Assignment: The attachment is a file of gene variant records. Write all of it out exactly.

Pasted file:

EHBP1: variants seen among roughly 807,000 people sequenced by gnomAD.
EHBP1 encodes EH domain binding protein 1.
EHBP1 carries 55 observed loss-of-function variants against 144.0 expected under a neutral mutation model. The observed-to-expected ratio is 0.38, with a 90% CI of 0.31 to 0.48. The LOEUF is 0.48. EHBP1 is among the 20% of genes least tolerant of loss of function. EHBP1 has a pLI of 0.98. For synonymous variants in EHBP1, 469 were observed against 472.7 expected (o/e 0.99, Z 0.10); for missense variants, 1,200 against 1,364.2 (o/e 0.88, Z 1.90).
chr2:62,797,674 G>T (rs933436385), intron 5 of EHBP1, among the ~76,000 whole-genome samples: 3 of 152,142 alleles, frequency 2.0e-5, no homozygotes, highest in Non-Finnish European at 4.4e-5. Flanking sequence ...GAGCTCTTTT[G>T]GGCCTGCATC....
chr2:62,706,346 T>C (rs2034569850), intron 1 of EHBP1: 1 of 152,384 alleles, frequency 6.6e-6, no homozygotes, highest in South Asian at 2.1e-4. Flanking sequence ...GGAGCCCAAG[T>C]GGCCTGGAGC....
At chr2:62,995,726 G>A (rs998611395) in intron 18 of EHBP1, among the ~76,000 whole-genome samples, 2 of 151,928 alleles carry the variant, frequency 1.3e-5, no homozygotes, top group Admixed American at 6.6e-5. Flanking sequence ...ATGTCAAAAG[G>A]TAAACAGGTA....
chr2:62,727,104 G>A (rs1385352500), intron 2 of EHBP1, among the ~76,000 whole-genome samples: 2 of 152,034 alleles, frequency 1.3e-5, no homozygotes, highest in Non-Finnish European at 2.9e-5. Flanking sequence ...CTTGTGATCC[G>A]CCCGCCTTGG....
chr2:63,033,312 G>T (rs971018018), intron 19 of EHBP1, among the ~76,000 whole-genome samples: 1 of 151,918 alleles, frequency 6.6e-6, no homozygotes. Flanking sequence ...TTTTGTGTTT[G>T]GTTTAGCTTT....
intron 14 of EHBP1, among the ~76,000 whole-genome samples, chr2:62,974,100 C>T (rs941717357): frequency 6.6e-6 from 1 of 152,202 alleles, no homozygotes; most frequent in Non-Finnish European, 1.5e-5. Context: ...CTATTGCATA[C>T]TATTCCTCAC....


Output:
EHBP1: variants seen among roughly 807,000 people sequenced by gnomAD.
EHBP1 encodes EH domain binding protein 1.
EHBP1 carries 55 observed loss-of-function variants against 144.0 expected under a neutral mutation model. The observed-to-expected ratio is 0.38, with a 90% CI of 0.31 to 0.48. The LOEUF is 0.48. EHBP1 is among the 20% of genes least tolerant of loss of function. EHBP1 has a pLI of 0.98. For synonymous variants in EHBP1, 469 were observed against 472.7 expected (o/e 0.99, Z 0.10); for missense variants, 1,200 against 1,364.2 (o/e 0.88, Z 1.90).
chr2:62,797,674 G>T (rs933436385), intron 5 of EHBP1, among the ~76,000 whole-genome samples: 3 of 152,142 alleles, frequency 2.0e-5, no homozygotes, highest in Non-Finnish European at 4.4e-5. Flanking sequence ...GAGCTCTTTT[G>T]GGCCTGCATC....
chr2:62,706,346 T>C (rs2034569850), intron 1 of EHBP1: 1 of 152,384 alleles, frequency 6.6e-6, no homozygotes, highest in South Asian at 2.1e-4. Flanking sequence ...GGAGCCCAAG[T>C]GGCCTGGAGC....
At chr2:62,995,726 G>A (rs998611395) in intron 18 of EHBP1, among the ~76,000 whole-genome samples, 2 of 151,928 alleles carry the variant, frequency 1.3e-5, no homozygotes, top group Admixed American at 6.6e-5. Flanking sequence ...ATGTCAAAAG[G>A]TAAACAGGTA....
chr2:62,727,104 G>A (rs1385352500), intron 2 of EHBP1, among the ~76,000 whole-genome samples: 2 of 152,034 alleles, frequency 1.3e-5, no homozygotes, highest in Non-Finnish European at 2.9e-5. Flanking sequence ...CTTGTGATCC[G>A]CCCGCCTTGG....
chr2:63,033,312 G>T (rs971018018), intron 19 of EHBP1, among the ~76,000 whole-genome samples: 1 of 151,918 alleles, frequency 6.6e-6, no homozygotes. Flanking sequence ...TTTTGTGTTT[G>T]GTTTAGCTTT....
intron 14 of EHBP1, among the ~76,000 whole-genome samples, chr2:62,974,100 C>T (rs941717357): frequency 6.6e-6 from 1 of 152,202 alleles, no homozygotes; most frequent in Non-Finnish European, 1.5e-5. Context: ...CTATTGCATA[C>T]TATTCCTCAC....